The joint proposition by the Company and the lenders is to create an escrow account for the company to help complete its pending projects. An Escrow account can be defined as an account, where the funds are held in trust wherein, two or more parties complete a transaction. Since the plan of reaching NCLT for initiation of insolvency proceedings against Suzlonhas been dropped, the lenders have decided to set up an Escrow accounts for a temporary period and to convert the current debts into Sustainable debts. Opening escrow account can act as a guarantee for the lenders and the company can also do its business without any funding issues or bottlenecks whatsoever. By this method lender would also get the returns, and profit margin, if any, will go to Suzlon. The annual amount to be spent from the escrow account would be in the range of Rs 800-1,200 crore approximately. The lenders after a brief discussion amongst themselves and with the directors of Suzlon, appeared to have decided against the idea of initiating insolvency proceedings against the company and will work on the sustainable debt of Suzlon.
Will it rise from the ashes?
Recently, Suzlon has proposed to convert its outstanding debt into fragments of new debt, which in turn would amount to a discount of 68%. The Lenders had previously consented to take a 50% haircut however, the proposal follows an assessment by Suzlon’s rating company, on how much debt can be sustainably recast. Suzlon could tackle the current financial predicament by focusing more on the cost optimization process across the board including cost of goods sold, fixed costs, etc. The company in order to cut costs has scaled down the manufacturing of wind power equipment from 3000 MW to just about 1200 MW per annum. Another favorable reason for it to rise from the ashes is the rising crude oil prices, scarce sources of fossil fuels and the global demand for cleaner, renewable resources of energy. Right now, as a blessing in disguise, even the Tarrif rates are stabilizing thus importing and exporting could be much more easier. The wind power involves converting wind energy into electricity by using wind turbines and this form of energy can be relied on for the long term future especially in India as the power generation is cheaper and there is no shortage of input costs and recurring expenses. Surprisingly, Suzlon’s shares were also found to be trading 20% higher than last year’s 49% decline, Which shows a sign of improvement.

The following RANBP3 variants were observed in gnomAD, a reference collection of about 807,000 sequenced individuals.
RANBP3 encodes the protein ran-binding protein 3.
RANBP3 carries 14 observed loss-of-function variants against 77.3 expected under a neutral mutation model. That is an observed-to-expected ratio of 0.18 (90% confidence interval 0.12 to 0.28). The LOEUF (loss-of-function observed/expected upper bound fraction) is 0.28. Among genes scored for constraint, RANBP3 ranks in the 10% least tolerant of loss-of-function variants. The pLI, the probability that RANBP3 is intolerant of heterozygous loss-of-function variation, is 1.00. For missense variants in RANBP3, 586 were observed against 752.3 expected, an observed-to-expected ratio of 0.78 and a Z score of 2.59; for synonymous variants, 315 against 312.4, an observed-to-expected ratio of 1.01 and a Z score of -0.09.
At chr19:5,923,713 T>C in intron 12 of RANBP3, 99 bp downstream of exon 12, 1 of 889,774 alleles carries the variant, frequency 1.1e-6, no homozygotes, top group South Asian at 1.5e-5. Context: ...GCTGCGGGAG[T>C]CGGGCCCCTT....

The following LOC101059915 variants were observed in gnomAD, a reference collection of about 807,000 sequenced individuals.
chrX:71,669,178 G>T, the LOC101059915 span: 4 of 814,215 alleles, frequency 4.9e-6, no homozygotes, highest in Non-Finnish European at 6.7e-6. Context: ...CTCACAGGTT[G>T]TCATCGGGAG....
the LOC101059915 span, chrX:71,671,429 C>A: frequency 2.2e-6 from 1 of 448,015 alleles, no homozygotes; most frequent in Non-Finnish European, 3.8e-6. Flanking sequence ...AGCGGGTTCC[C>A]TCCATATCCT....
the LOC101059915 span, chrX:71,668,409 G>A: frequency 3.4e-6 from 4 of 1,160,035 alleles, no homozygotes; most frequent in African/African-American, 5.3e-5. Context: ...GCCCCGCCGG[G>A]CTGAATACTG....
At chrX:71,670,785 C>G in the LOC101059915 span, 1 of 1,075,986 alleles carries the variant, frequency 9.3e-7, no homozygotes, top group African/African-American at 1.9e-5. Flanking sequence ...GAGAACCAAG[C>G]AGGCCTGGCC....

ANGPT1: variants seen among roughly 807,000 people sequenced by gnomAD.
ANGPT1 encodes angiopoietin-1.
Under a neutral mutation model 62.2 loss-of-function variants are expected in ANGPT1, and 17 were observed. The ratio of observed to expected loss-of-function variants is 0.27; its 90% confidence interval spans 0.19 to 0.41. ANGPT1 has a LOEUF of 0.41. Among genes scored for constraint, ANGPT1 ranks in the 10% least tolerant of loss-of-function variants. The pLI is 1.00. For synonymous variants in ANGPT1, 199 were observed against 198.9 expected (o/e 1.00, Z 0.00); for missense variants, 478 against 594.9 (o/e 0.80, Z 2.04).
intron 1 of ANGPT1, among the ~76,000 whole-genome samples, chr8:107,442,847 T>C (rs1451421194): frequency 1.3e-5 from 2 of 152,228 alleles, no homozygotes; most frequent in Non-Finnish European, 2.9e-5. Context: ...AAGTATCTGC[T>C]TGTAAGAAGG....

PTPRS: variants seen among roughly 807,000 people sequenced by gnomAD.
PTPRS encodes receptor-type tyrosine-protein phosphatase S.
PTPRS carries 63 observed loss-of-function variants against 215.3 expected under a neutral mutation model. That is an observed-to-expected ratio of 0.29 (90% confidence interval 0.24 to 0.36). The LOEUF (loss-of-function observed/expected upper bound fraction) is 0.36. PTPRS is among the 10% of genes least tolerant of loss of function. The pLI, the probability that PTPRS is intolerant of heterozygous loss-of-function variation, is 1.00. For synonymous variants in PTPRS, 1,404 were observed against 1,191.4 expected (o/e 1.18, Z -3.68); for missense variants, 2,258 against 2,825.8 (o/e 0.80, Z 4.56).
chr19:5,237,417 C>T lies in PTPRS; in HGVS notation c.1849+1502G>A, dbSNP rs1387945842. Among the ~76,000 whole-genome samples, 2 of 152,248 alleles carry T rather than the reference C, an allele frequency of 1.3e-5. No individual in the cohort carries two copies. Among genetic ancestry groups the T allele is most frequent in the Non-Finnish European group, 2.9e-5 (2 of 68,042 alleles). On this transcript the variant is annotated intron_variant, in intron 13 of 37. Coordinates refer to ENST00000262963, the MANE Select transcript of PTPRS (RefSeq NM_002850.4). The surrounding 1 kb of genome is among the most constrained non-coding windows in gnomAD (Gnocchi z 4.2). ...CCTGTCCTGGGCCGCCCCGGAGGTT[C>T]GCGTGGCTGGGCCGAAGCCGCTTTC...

It is of paramount
importance that all the lending institutions should be very considerate and
pragmatic in understanding the requirement of ailing Suzlonand give the
necessary life support it requires. Opening Escrow accounts will be Suzlon’s and the lenders last resort
to revive it from the downfall, and if this fails the lenders would have no
choice left other than approaching NCLT
to initiate the resolution process. Suzlon Energy should strain every
nerve to resuscitate the company and make it viable and profitable at the